Pathologist Questions Diabetes

Home diabetes testing device and lab report show different results. What is more accurate?

I bought a new diabetes testing machine at home and I have been checking my sugar levels with it every day. However the lab reports and the home test numbers don’t seem to match. What according to you is more accurate?

6 Answers

I would say the lab's because their equipment is constantly being monitored. The home equipment just gives you the opportunity to just generally monitor your progress. If you feel poorly and your home device says your sugars are ok, go to the lab for testing after discussing it with your doctor since they would have to be the one to issue the order for the lab work.

RB Thomas, MD
Lab report is always more accurate as these are done on proper venous blood samples and tests are done on quality controlled machines. Most devices test glucose levels from finger prick (capillary blood) which may not be the best sample for accurate results. Good devices should not differ by more than 10-15% from lab reports.
The lab test have more accurate results. Labs have to abide to strict guidelines to be able to safely perform and interpret these test. Diabetes testing devise is also not technically maintained.
Home blood glucose testing, measures glucose in a drop of whole blood, while the clinical laboratory measures glucose in the serum.
Serum, to put it simply, is the fluid of the blood minus the red blood cells. Under well controlled circumstances, whole blood glucose is usually higher than serum glucose about 5 to 10 %.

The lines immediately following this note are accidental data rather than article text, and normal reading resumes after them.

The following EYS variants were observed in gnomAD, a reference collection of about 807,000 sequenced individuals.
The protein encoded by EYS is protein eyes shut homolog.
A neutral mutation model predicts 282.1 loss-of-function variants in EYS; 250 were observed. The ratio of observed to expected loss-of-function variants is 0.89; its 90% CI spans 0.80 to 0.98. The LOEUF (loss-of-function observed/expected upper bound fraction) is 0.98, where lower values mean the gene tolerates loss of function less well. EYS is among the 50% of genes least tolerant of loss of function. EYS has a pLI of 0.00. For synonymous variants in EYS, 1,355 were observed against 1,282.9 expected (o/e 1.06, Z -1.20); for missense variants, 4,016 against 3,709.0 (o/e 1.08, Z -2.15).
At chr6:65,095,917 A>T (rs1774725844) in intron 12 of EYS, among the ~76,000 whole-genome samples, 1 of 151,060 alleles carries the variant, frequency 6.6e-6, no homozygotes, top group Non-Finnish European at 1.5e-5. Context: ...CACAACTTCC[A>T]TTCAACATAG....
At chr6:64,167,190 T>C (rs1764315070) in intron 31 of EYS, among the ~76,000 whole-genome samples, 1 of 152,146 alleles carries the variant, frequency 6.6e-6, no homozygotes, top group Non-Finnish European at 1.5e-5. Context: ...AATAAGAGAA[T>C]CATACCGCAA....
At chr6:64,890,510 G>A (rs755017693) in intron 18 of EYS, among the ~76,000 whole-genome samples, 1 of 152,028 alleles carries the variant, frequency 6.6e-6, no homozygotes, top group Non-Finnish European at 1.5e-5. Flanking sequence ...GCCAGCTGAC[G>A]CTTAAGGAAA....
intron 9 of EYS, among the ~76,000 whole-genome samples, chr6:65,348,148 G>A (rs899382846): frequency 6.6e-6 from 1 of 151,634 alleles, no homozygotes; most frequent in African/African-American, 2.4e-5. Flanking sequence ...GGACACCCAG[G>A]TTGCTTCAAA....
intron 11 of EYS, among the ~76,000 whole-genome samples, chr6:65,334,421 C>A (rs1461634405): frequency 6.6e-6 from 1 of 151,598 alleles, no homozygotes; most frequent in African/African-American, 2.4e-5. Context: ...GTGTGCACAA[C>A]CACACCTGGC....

As I stated, under well controlled circumstances, means that the home blood glucose testing meter must be well calibrated with two points glucose standards and the readings of those standards must be within the mean and standard deviation of the stated values.
The clinical laboratory, on the other hand,always perform calibration and runs quality control materials on a regular basis as mandated by the accrediting agents.
In general, home blood glucose testing is simply "Glucose Monitoring", which provide a close enough picture of the patient's diabetes status.
I hope this provides a simple answer to your question.
I recommend checking your sugar level from another lab and compare them before you decide which one is more accurate.
There can be many variables that determine the blood sugar levels. These include, the nutritional status (fasting/ non-fasting), prior physical activity, time of day test performed, technique, etc etc., before the test is performed. These factors apply to both home device and outside lab testing. In general, outside lab test results are usually more accurate although the newer home testing devices are pretty accurate too.